TRAVERSE CITY, MI – Chris Theodore “retired” nine years ago, but the ideas just keep on streaming and he keeps on “having fun” pursuing them.

Theodore will be remembered as vice president-platform engineering at Chrysler from 1989 to 1999 and then Ford vice president-North American product development, departing in 2005.

He was identified closely with the K-car, Dodge Viper and minivan at Chrysler and the GT high-performance sports car and Mustang at Ford.

Since then, he has engaged mainly in consulting on engineering issues, running a few companies and inventing and patenting things automotive. He’s here this week at the Management Briefing Seminars to keep up with trends.

One invention is a design for body-on-frame applications that unites the chassis, suspension and backbone into a single unit. Theodore adapted the idea to a Ford GT. “It works great, but no takers yet; it’s a money pit,” he laughs.

He also has built an extremely low-cost electric vehicle for Third World markets.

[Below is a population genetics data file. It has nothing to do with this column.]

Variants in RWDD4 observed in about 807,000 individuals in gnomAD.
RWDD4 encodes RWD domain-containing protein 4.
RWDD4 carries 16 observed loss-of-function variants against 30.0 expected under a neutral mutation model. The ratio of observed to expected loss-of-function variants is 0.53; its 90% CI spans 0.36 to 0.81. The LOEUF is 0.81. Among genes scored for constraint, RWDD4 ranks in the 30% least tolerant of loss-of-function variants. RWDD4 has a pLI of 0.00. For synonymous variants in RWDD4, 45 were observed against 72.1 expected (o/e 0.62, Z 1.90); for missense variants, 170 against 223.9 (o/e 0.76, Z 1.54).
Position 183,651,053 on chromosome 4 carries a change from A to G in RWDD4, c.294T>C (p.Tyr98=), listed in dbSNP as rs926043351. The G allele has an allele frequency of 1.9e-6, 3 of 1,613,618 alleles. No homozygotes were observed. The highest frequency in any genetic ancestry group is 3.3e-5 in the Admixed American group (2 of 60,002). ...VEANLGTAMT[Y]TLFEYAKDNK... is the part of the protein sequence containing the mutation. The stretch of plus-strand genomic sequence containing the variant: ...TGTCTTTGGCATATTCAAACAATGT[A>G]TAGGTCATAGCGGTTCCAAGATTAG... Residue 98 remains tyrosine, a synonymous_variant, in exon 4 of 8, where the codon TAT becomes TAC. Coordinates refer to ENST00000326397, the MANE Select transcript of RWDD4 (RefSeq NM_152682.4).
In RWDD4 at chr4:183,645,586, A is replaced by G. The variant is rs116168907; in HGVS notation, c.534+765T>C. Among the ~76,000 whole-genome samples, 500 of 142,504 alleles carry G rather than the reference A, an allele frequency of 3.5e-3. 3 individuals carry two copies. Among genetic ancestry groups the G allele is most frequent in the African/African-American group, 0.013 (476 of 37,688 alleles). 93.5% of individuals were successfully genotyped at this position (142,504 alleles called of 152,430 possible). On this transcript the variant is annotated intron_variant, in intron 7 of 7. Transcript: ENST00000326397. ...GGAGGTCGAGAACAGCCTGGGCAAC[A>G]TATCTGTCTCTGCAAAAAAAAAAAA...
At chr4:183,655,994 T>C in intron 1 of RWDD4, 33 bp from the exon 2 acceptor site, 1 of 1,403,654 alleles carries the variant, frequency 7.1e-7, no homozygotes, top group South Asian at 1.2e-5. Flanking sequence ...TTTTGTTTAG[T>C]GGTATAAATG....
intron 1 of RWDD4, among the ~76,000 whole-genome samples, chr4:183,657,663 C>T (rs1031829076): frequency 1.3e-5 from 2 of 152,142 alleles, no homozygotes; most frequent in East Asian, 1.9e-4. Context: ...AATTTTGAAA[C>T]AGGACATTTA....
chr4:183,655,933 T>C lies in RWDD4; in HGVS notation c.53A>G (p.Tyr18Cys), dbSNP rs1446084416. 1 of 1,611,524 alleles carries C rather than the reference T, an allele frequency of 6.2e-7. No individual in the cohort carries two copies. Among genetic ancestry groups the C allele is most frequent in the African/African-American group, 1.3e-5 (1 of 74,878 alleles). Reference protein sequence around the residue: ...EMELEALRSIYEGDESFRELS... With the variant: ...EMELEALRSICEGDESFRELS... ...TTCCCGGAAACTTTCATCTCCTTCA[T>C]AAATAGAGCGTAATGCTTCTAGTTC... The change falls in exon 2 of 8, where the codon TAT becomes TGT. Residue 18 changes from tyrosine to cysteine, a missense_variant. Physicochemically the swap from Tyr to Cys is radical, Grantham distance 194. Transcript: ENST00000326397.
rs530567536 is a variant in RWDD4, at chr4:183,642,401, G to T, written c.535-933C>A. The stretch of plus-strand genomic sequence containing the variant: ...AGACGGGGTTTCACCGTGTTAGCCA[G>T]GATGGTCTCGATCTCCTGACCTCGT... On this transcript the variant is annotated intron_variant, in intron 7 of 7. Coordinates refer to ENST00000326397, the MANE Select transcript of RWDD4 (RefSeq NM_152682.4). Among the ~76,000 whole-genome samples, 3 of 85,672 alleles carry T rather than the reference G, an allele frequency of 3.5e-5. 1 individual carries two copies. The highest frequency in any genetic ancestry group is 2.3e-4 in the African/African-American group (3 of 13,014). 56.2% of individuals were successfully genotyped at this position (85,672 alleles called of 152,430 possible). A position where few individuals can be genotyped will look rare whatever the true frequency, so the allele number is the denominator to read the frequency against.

“I think it has a lot of potential,” Theodore says. “I have one running.”

He declines to reveal details such as price and performance data, but he believes the EV may have a future in markets where mobility, traffic congestion and air quality are important considerations.

Another Theodore invention is a turbo compressor said to be 25%-30% smaller and designed to offer “slightly better performance,” with faster response and an efficiency equal to or better than existing compressors.

When he’s not hard at work having fun, Theodore can gaze at his fleet of vintage or specialty cars. Among them: The Ford GT, ’66 Lincoln convertible with suicide rear doors, Dodge Viper, Plymouth Prowler and a tiny ’59 Nash Metro.